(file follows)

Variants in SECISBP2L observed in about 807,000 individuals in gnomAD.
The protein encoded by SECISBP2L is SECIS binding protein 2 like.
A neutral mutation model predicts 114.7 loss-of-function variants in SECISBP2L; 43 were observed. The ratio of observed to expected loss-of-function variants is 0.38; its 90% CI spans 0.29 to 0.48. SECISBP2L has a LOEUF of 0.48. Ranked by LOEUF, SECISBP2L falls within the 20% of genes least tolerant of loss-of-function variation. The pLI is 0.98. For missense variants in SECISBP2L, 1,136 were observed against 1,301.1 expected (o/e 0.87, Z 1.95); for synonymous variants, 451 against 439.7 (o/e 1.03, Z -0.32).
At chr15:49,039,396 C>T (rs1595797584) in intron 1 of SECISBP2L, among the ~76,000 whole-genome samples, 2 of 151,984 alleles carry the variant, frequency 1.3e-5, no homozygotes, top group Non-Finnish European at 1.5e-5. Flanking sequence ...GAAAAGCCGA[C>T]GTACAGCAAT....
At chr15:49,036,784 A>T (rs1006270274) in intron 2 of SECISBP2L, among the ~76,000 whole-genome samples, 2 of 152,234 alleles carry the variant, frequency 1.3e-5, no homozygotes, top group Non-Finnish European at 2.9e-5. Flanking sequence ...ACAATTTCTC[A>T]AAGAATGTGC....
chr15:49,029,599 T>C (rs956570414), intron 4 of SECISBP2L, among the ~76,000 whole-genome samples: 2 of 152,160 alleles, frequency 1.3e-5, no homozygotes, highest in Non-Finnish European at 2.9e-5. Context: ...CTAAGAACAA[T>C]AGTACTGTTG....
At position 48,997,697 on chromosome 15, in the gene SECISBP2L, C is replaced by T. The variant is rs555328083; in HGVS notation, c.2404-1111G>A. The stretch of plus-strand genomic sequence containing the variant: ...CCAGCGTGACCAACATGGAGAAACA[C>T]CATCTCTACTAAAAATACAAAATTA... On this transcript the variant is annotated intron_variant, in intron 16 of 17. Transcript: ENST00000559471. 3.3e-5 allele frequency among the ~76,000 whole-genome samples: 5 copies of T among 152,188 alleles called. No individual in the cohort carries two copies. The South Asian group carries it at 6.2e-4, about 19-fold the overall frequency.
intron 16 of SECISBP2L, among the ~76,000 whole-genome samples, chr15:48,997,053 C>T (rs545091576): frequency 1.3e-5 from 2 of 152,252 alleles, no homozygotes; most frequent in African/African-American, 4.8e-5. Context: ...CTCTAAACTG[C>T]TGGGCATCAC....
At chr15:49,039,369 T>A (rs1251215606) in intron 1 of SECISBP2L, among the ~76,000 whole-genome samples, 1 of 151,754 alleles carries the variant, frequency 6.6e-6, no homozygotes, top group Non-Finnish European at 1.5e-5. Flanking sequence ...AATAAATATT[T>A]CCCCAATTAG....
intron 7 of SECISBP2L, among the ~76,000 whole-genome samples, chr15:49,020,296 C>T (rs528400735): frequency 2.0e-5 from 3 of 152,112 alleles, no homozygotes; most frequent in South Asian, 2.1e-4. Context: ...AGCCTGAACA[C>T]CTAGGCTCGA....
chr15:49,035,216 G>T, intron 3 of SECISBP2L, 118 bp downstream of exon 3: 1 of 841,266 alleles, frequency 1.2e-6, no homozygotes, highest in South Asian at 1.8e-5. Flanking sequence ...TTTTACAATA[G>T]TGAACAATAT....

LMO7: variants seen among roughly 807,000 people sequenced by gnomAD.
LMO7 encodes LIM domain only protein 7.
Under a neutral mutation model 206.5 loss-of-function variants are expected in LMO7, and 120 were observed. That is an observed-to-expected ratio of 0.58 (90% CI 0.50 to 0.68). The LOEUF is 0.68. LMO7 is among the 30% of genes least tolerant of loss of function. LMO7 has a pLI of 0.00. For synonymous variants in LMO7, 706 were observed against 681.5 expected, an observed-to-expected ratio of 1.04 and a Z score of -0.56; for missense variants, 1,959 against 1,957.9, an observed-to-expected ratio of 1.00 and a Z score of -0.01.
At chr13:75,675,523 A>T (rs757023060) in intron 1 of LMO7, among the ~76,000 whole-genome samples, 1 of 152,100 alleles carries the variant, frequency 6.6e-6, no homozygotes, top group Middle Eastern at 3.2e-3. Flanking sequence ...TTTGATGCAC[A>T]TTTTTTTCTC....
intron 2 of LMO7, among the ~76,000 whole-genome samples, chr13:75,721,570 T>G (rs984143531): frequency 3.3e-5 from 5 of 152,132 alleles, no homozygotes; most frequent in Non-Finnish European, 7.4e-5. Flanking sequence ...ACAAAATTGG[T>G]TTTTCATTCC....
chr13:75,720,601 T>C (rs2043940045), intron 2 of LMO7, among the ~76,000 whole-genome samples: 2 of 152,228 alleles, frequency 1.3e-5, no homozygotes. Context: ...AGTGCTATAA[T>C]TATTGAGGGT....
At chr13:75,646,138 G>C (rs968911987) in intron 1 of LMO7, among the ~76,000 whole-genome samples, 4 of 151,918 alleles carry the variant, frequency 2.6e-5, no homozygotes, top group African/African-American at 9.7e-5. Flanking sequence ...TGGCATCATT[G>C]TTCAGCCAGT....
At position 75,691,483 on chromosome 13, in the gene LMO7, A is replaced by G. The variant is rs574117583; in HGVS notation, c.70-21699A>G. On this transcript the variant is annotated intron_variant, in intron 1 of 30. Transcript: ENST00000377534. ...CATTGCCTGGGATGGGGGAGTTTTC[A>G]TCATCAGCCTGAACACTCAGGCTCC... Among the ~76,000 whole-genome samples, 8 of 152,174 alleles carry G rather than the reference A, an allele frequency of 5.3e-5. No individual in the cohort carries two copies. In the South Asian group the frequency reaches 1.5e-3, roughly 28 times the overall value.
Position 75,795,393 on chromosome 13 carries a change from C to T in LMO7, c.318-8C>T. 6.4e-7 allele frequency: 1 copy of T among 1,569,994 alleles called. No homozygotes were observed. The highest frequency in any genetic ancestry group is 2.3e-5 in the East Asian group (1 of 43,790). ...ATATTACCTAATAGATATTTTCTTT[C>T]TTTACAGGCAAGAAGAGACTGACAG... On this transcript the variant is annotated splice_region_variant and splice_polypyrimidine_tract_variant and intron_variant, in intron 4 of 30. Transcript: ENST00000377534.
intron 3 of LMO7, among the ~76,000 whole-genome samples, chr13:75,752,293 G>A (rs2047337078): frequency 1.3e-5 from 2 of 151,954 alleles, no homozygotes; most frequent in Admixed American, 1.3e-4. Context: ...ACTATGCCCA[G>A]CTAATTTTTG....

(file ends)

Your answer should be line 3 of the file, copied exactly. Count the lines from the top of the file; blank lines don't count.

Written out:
A neutral mutation model predicts 114.7 loss-of-function variants in SECISBP2L; 43 were observed. The ratio of observed to expected loss-of-function variants is 0.38; its 90% CI spans 0.29 to 0.48. SECISBP2L has a LOEUF of 0.48. Ranked by LOEUF, SECISBP2L falls within the 20% of genes least tolerant of loss-of-function variation. The pLI is 0.98. For missense variants in SECISBP2L, 1,136 were observed against 1,301.1 expected (o/e 0.87, Z 1.95); for synonymous variants, 451 against 439.7 (o/e 1.03, Z -0.32).